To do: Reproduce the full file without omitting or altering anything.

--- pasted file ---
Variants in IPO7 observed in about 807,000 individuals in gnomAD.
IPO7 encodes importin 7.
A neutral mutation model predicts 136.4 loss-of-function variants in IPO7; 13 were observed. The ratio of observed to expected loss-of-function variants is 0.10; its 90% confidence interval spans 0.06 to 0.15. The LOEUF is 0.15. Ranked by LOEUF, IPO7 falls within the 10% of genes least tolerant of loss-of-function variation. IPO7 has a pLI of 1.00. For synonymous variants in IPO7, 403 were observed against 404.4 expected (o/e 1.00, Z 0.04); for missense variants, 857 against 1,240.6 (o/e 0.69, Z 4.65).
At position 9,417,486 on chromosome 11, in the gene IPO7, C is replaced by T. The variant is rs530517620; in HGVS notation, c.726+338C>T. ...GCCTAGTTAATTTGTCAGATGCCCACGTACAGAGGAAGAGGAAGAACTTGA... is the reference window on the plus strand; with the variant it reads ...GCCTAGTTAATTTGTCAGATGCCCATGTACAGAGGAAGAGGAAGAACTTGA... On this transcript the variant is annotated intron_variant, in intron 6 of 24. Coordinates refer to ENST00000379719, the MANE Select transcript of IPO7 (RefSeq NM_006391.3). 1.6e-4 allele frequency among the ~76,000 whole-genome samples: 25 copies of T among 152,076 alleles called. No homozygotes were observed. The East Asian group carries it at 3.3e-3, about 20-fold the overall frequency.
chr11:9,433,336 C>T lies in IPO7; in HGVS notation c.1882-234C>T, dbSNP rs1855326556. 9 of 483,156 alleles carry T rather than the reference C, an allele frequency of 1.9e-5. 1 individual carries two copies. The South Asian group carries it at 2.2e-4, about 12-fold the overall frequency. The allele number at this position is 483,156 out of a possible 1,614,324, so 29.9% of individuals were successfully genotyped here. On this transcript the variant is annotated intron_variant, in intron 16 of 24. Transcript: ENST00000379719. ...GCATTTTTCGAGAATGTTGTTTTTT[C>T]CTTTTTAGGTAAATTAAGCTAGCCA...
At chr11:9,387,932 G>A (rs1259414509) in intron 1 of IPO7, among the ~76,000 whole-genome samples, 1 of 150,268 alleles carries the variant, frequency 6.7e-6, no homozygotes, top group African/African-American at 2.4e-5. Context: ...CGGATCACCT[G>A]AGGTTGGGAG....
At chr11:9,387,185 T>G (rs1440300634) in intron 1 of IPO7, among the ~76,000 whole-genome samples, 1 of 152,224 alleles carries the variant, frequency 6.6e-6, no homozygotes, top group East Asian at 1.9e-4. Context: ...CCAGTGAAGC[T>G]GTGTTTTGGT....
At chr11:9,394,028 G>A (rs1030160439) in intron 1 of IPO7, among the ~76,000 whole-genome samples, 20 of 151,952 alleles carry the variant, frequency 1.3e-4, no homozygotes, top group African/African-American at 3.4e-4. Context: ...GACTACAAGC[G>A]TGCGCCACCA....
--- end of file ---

Variants in IPO7 observed in about 807,000 individuals in gnomAD.
IPO7 encodes importin 7.
A neutral mutation model predicts 136.4 loss-of-function variants in IPO7; 13 were observed. The ratio of observed to expected loss-of-function variants is 0.10; its 90% confidence interval spans 0.06 to 0.15. The LOEUF is 0.15. Ranked by LOEUF, IPO7 falls within the 10% of genes least tolerant of loss-of-function variation. IPO7 has a pLI of 1.00. For synonymous variants in IPO7, 403 were observed against 404.4 expected (o/e 1.00, Z 0.04); for missense variants, 857 against 1,240.6 (o/e 0.69, Z 4.65).
At position 9,417,486 on chromosome 11, in the gene IPO7, C is replaced by T. The variant is rs530517620; in HGVS notation, c.726+338C>T. ...GCCTAGTTAATTTGTCAGATGCCCACGTACAGAGGAAGAGGAAGAACTTGA... is the reference window on the plus strand; with the variant it reads ...GCCTAGTTAATTTGTCAGATGCCCATGTACAGAGGAAGAGGAAGAACTTGA... On this transcript the variant is annotated intron_variant, in intron 6 of 24. Coordinates refer to ENST00000379719, the MANE Select transcript of IPO7 (RefSeq NM_006391.3). 1.6e-4 allele frequency among the ~76,000 whole-genome samples: 25 copies of T among 152,076 alleles called. No homozygotes were observed. The East Asian group carries it at 3.3e-3, about 20-fold the overall frequency.
chr11:9,433,336 C>T lies in IPO7; in HGVS notation c.1882-234C>T, dbSNP rs1855326556. 9 of 483,156 alleles carry T rather than the reference C, an allele frequency of 1.9e-5. 1 individual carries two copies. The South Asian group carries it at 2.2e-4, about 12-fold the overall frequency. The allele number at this position is 483,156 out of a possible 1,614,324, so 29.9% of individuals were successfully genotyped here. On this transcript the variant is annotated intron_variant, in intron 16 of 24. Transcript: ENST00000379719. ...GCATTTTTCGAGAATGTTGTTTTTT[C>T]CTTTTTAGGTAAATTAAGCTAGCCA...
At chr11:9,387,932 G>A (rs1259414509) in intron 1 of IPO7, among the ~76,000 whole-genome samples, 1 of 150,268 alleles carries the variant, frequency 6.7e-6, no homozygotes, top group African/African-American at 2.4e-5. Context: ...CGGATCACCT[G>A]AGGTTGGGAG....
At chr11:9,387,185 T>G (rs1440300634) in intron 1 of IPO7, among the ~76,000 whole-genome samples, 1 of 152,224 alleles carries the variant, frequency 6.6e-6, no homozygotes, top group East Asian at 1.9e-4. Context: ...CCAGTGAAGC[T>G]GTGTTTTGGT....
At chr11:9,394,028 G>A (rs1030160439) in intron 1 of IPO7, among the ~76,000 whole-genome samples, 20 of 151,952 alleles carry the variant, frequency 1.3e-4, no homozygotes, top group African/African-American at 3.4e-4. Context: ...GACTACAAGC[G>A]TGCGCCACCA....